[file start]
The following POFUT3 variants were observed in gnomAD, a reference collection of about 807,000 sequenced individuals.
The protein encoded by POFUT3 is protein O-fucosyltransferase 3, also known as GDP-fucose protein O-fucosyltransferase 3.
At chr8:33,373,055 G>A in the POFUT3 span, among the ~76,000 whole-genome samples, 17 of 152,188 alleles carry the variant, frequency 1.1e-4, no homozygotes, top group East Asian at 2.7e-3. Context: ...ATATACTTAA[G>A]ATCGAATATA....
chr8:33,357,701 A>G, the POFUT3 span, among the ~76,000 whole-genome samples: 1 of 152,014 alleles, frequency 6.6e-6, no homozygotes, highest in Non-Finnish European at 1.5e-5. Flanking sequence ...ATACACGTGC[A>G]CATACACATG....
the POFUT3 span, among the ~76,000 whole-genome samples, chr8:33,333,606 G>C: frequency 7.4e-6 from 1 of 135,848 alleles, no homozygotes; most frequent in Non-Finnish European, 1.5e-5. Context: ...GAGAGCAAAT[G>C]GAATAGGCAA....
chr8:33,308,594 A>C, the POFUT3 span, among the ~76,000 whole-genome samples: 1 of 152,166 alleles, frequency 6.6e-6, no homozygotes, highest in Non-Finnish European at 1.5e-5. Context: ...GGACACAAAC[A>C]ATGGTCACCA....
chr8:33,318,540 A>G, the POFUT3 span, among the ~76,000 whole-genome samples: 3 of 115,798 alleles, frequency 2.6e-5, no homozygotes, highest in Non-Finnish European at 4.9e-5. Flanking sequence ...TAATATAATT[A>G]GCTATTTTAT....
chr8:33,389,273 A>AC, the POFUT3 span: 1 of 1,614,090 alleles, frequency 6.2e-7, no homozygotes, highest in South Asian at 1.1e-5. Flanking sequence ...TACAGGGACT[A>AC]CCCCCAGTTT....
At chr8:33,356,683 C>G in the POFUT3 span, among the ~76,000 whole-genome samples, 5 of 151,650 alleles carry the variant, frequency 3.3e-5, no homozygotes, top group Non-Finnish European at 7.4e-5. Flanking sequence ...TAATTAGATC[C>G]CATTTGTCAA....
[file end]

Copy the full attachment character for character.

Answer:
The following POFUT3 variants were observed in gnomAD, a reference collection of about 807,000 sequenced individuals.
The protein encoded by POFUT3 is protein O-fucosyltransferase 3, also known as GDP-fucose protein O-fucosyltransferase 3.
At chr8:33,373,055 G>A in the POFUT3 span, among the ~76,000 whole-genome samples, 17 of 152,188 alleles carry the variant, frequency 1.1e-4, no homozygotes, top group East Asian at 2.7e-3. Context: ...ATATACTTAA[G>A]ATCGAATATA....
chr8:33,357,701 A>G, the POFUT3 span, among the ~76,000 whole-genome samples: 1 of 152,014 alleles, frequency 6.6e-6, no homozygotes, highest in Non-Finnish European at 1.5e-5. Flanking sequence ...ATACACGTGC[A>G]CATACACATG....
the POFUT3 span, among the ~76,000 whole-genome samples, chr8:33,333,606 G>C: frequency 7.4e-6 from 1 of 135,848 alleles, no homozygotes; most frequent in Non-Finnish European, 1.5e-5. Context: ...GAGAGCAAAT[G>C]GAATAGGCAA....
chr8:33,308,594 A>C, the POFUT3 span, among the ~76,000 whole-genome samples: 1 of 152,166 alleles, frequency 6.6e-6, no homozygotes, highest in Non-Finnish European at 1.5e-5. Context: ...GGACACAAAC[A>C]ATGGTCACCA....
chr8:33,318,540 A>G, the POFUT3 span, among the ~76,000 whole-genome samples: 3 of 115,798 alleles, frequency 2.6e-5, no homozygotes, highest in Non-Finnish European at 4.9e-5. Flanking sequence ...TAATATAATT[A>G]GCTATTTTAT....
chr8:33,389,273 A>AC, the POFUT3 span: 1 of 1,614,090 alleles, frequency 6.2e-7, no homozygotes, highest in South Asian at 1.1e-5. Flanking sequence ...TACAGGGACT[A>AC]CCCCCAGTTT....
At chr8:33,356,683 C>G in the POFUT3 span, among the ~76,000 whole-genome samples, 5 of 151,650 alleles carry the variant, frequency 3.3e-5, no homozygotes, top group Non-Finnish European at 7.4e-5. Flanking sequence ...TAATTAGATC[C>G]CATTTGTCAA....